For the first time, life in the dorm was fun. I stopped worrying about clothes and dates and rules. From the time we entered Huntington our lives were determined by rules. Rules about hair length, skirt length, sock length, signing in, signing out, waking up, going to sleep, chewing gum, posture, promptness, and so on. The school was infested with rules that startled you like cockroaches crawling in a dark summer kitchen. Sometimes, during my first two years, I would wake up in a cold sweat, terrified that in the course of the day, I had accidentally broken a rule.
My new roommate, Miggin Henry, was much easier to live with than last year’s, Elizabeth Knight, who was full of stormy moods and sarcastic remarks. If Elizabeth was a thunderhead, Miggin was a light, wispy cirrus cloud. She had gold-red hair and a shining, freckled face. Senior year was going to be different, I knew it. My hunch proved correct.
On the day Lexie and I became friends, there were orange and red and yellow leaves beginning to cover the ground. I remember the grass — still thick and green — and its sweet, aromatic smell as the workmen mowed the playing field in preparation for the game. I could hear the distant hum of their mowers and the exuberant laughter of the children in the Lower School yard as they played tag. When I passed the door of study hall and saw the rows of students poring silently over their books, I didn’t feel the usual anxiety that made me automatically review my list of approaching quizzes, papers due, pages unread in history, biology, French, and English classes. I was easy and relaxed.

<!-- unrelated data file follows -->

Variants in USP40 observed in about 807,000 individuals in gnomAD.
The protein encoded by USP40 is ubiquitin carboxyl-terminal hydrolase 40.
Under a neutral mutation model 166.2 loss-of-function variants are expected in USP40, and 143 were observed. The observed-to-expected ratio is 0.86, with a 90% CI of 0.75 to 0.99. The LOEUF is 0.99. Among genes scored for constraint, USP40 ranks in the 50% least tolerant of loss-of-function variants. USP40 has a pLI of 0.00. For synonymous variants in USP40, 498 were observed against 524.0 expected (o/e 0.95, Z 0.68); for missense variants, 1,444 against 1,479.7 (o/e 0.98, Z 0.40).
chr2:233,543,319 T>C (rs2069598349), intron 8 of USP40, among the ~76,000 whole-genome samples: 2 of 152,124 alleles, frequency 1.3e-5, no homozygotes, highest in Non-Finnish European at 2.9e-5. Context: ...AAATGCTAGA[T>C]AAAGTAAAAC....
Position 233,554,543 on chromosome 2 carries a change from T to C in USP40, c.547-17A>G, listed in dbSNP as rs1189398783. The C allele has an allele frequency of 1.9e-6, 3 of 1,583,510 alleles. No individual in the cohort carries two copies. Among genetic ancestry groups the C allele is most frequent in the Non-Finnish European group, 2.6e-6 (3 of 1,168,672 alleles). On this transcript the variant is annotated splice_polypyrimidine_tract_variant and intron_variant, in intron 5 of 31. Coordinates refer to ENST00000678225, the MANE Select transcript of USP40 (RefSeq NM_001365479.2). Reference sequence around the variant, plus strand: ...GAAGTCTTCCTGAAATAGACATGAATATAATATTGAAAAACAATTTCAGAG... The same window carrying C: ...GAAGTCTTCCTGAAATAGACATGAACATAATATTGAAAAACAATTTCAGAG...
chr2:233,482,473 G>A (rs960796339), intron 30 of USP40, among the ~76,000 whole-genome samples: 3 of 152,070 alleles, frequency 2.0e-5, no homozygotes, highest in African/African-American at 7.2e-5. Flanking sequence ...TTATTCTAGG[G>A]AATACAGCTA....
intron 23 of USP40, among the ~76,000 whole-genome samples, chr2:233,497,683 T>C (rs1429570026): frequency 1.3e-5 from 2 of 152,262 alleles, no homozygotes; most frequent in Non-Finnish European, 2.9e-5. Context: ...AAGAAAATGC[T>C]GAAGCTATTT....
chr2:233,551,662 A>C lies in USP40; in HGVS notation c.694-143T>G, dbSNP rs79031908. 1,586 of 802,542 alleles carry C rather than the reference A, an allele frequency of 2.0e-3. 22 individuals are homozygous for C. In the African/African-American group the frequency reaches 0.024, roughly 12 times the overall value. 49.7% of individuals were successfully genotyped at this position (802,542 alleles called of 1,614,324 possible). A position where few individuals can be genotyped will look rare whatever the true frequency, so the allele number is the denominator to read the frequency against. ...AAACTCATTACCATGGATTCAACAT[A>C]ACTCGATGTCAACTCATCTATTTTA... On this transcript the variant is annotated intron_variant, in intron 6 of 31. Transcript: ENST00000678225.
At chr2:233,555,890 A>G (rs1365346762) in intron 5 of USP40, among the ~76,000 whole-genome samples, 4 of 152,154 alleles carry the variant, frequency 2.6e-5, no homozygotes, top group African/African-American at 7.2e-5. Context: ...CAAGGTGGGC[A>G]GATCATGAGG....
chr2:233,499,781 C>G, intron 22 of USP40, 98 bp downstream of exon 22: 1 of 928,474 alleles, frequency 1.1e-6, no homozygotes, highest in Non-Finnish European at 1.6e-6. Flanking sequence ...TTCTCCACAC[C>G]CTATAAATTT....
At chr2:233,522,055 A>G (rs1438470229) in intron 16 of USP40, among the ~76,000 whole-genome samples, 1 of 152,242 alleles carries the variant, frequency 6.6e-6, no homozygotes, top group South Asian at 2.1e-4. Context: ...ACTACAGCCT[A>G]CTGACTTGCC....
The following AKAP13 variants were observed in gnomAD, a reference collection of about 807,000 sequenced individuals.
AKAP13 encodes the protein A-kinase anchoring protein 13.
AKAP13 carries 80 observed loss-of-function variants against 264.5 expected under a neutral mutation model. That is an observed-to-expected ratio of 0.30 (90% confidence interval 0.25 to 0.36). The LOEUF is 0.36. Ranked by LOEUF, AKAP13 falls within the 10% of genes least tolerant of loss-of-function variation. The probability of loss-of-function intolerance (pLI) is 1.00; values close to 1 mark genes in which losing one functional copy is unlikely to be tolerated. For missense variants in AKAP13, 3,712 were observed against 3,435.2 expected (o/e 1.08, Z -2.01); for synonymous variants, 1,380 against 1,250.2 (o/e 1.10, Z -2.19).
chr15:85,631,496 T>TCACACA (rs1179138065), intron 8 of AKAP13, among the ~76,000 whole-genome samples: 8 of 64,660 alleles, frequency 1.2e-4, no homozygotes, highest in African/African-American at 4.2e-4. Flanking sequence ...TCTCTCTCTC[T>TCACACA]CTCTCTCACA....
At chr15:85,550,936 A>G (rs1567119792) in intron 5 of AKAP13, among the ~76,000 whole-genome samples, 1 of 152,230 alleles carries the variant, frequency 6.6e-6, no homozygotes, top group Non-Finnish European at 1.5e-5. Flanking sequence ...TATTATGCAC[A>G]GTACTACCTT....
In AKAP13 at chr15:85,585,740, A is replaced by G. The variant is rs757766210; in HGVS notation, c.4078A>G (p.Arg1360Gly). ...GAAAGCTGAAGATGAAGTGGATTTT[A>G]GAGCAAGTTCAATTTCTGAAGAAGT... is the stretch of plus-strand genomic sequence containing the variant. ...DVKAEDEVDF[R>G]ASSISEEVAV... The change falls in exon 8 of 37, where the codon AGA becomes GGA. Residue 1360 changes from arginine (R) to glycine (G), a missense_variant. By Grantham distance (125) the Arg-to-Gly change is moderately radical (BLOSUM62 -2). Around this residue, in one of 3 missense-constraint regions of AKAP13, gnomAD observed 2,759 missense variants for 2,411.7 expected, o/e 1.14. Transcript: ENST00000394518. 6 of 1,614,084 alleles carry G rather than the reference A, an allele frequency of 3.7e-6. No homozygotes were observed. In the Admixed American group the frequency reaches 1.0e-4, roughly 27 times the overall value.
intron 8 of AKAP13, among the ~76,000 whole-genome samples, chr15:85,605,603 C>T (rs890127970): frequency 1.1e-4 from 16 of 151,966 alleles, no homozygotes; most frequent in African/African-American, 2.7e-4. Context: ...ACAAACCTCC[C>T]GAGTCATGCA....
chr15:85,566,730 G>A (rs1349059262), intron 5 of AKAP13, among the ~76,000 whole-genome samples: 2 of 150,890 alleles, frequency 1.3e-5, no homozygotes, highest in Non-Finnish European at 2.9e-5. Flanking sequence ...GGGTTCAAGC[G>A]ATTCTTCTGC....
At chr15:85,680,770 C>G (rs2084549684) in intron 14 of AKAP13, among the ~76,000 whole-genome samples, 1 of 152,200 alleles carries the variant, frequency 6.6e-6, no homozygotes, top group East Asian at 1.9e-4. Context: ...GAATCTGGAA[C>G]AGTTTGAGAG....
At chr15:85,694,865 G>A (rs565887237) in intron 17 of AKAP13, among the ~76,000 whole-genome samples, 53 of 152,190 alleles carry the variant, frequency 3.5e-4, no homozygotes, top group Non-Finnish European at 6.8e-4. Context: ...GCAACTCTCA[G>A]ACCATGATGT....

A blast of warm air, rich with the smell of paint and turpentine, rushed into my face as I opened the door of the art studio. A Purcell horn sonata exploded from the speakers of the stereo. The pink afternoon sun slanted through the west windows, bathing the room in hot, rosy light. It was a generous room, filled with easels and work- benches, overlooking a pasture that rolled upward to a dairy farm. The ceiling angled sharply down on the far side, giving the impression of an artist’s loft. From two to five every afternoon the studio belonged to students working on independent projects. Most of the regulars were already there.
Nora Grange, the small, blond cheerleader from Atlanta, was drawing animal cartoons as usual, an orange and gray striped scarf from a boys’ prep school wrapped loosely around her neck. Jeepers, a junior from Philadelphia, looked up and smiled, then returned to her huge sketch- book. Jeepers always wore jeans and a blue work shirt, with a Philadelphia Phillies baseball cap on her head, visor turned backward, to keep her hair out of her eyes. She was my favorite of the regulars. Spread out on a workbench were Helen and Christine, two sophomores, who were painting a giant mural for the dining room. Then there was Elizabeth, standing by her easel in the far right corner. Over the summer, Elizabeth had developed some strange affectations. She had taken to wearing a French smock and beret, and she talked in a peculiar English accent, which I think she’d picked up on Cape Cod from her summer dates, who’d picked it up at Harvard.